by Patrick Gustavson
Thirteen electric cars lined the Student Center parking lot on Sept. 14, for the fifth annual celebration of The National Drive Electric Week at Central Connecticut State University.
The event, organized by CCSU graduate Dave Oliveria, and Geography Professor Charles Button, is the longest consecutively running event during the week in the United States, with the purpose of bringing awareness to electric and plug-in vehicles.
Eight different models were present, including the Nissan Leaf, Tesla and Chevrolet Bolt and Volt.
Students and the public were given the opportunity to learn more about how electric cars work from real owners. Among the topics discussed, were charging options, range and acceleration.
Those who attended were also given first-hand experience, including being able to sit inside a car, go for a ride or even drive one themselves. CCSU Senior Morgan Ricci, was one to test drive a Chevrolet Bolt.
“It was really smooth driving,” Ricci said. “It has a setting that automatically slows when you take your foot off the gas pedal. You don’t even have to hit the brake. It was pretty cool.”
Button, an owner for six years, feels electric cars can be beneficial to people of all philosophies, particularly those concerned with the environment.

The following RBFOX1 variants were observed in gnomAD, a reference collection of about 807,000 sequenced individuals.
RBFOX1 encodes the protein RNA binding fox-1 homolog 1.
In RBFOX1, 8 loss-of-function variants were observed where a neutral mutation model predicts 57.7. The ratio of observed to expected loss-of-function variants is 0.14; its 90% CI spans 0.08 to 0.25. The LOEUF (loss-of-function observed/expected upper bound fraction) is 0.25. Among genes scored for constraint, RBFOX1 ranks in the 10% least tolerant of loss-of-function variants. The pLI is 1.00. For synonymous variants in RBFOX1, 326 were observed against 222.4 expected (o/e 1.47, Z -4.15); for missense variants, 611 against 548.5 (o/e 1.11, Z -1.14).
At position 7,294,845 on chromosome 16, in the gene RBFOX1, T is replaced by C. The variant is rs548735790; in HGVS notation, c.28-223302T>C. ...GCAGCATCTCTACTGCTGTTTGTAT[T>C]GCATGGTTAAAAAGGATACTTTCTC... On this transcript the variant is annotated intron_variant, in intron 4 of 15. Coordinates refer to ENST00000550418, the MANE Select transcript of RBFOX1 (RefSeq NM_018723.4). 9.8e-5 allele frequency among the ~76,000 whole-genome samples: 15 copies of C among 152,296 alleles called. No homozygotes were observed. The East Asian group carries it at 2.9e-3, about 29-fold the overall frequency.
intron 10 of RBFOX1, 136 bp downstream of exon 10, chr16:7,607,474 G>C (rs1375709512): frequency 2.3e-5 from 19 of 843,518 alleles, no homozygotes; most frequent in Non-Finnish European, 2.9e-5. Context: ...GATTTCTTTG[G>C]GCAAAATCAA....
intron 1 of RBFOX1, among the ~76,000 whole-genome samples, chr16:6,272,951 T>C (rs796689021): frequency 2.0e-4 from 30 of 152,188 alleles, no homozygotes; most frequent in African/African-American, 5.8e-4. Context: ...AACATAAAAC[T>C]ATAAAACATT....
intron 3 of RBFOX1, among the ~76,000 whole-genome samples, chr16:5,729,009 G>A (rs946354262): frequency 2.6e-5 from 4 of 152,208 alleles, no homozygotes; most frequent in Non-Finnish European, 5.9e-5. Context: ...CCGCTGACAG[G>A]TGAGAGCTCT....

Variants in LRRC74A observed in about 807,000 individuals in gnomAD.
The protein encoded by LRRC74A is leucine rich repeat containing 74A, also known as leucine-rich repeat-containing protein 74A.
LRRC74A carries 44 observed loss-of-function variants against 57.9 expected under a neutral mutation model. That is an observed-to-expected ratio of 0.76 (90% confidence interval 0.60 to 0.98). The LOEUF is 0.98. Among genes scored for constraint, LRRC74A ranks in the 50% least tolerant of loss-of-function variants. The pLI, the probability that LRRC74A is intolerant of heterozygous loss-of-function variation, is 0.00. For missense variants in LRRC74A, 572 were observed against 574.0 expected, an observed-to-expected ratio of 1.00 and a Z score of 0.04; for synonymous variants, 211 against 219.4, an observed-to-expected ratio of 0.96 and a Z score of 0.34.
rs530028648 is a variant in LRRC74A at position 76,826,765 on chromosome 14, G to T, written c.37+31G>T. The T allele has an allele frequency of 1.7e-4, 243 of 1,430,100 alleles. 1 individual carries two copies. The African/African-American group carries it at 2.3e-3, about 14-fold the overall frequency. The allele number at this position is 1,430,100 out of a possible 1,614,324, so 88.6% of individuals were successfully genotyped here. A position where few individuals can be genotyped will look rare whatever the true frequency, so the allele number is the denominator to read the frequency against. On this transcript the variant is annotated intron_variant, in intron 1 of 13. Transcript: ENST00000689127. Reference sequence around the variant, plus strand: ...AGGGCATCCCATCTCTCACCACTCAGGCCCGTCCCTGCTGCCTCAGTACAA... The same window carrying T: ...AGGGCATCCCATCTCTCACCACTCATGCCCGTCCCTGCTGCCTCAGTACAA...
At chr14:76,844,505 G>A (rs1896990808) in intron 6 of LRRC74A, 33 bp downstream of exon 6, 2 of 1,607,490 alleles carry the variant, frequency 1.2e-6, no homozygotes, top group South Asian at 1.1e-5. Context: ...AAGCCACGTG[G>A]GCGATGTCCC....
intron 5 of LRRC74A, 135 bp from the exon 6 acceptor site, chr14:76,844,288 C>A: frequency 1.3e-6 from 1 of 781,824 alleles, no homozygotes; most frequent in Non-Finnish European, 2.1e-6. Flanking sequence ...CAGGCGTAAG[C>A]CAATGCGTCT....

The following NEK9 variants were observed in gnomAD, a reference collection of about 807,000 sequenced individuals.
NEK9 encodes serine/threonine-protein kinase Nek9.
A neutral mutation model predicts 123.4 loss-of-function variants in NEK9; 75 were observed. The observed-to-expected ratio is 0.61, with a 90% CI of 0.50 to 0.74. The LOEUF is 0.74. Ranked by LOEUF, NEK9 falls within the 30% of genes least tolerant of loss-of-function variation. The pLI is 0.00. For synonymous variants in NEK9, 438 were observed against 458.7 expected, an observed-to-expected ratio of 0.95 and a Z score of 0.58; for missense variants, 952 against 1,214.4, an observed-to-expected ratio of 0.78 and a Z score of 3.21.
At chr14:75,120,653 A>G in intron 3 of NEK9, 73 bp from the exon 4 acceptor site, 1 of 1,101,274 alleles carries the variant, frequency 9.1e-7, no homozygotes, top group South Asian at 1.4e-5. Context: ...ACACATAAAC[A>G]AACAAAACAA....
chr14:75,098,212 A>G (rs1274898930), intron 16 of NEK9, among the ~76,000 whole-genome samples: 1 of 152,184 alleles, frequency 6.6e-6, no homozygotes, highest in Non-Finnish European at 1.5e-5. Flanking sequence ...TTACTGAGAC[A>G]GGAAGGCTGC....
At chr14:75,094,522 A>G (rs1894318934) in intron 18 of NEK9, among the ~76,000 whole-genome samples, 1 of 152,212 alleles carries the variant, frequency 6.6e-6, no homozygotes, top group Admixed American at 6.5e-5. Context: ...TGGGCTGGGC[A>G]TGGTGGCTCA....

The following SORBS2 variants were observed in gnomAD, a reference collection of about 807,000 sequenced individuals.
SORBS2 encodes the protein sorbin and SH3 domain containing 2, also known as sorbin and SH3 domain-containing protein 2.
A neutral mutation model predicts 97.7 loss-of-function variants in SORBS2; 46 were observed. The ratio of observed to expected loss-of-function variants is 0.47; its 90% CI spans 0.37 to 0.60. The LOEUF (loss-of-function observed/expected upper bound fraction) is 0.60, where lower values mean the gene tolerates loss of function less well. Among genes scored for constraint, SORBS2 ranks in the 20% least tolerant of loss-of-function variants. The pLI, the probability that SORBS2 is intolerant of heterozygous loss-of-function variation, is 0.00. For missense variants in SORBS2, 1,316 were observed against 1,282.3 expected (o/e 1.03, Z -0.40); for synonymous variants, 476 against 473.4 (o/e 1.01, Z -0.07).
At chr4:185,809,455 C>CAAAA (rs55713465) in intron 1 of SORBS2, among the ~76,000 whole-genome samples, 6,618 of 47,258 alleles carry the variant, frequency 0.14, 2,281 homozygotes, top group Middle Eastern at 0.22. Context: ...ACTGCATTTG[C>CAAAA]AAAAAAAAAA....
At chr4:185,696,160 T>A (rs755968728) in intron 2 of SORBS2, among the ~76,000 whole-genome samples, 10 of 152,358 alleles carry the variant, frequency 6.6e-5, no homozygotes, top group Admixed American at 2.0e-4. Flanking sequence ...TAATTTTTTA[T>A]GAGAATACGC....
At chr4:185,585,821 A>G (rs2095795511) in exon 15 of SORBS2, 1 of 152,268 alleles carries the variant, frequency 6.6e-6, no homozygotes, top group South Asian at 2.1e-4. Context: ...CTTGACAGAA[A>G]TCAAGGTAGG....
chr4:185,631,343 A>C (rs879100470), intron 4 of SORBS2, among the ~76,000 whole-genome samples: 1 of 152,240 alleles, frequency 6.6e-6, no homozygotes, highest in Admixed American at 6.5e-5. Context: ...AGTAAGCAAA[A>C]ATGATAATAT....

“You’re not emitting any green-house gases, you’re not contributing to global warming, you’re not contributing to mountain-top removal for coal, you’re not polluting streams,” Button said. “We need to kick what I call a dependence on fossil fuel.”
From his own experience, Button also believes driving electric has its’ economic benefits.
“I have solar panels on my garage. So, I’m generating my own electricity. I have my initial investment in the solar panels, so anything electric is free,” Button said. “You’re going to save money. You can always get panels and become completely independent economically… It may cost more, but if you’re thinking long-term, you’ll come out ahead,” Button said, debunking a frequent deterrent of driving electric.
Button also believes electric cars can be beneficial to those across the political spectrum.
“If you’re a liberal [or an] environmentalist, this keeps you away from being dependent on government subsidies, you’re your own supplier,” Button said. “If you’re a libertarian, it weens you from anyone’s authority. But one thing we can usually agree on is that we want to save money, and this lets you do that… For me, it’s environmental, economic and social. You can not care about the other two, but be concerned about the other and you’re still good.”
CCSU joined the electric car initiative over five years ago, allowing students and faculty to plug in while on campus.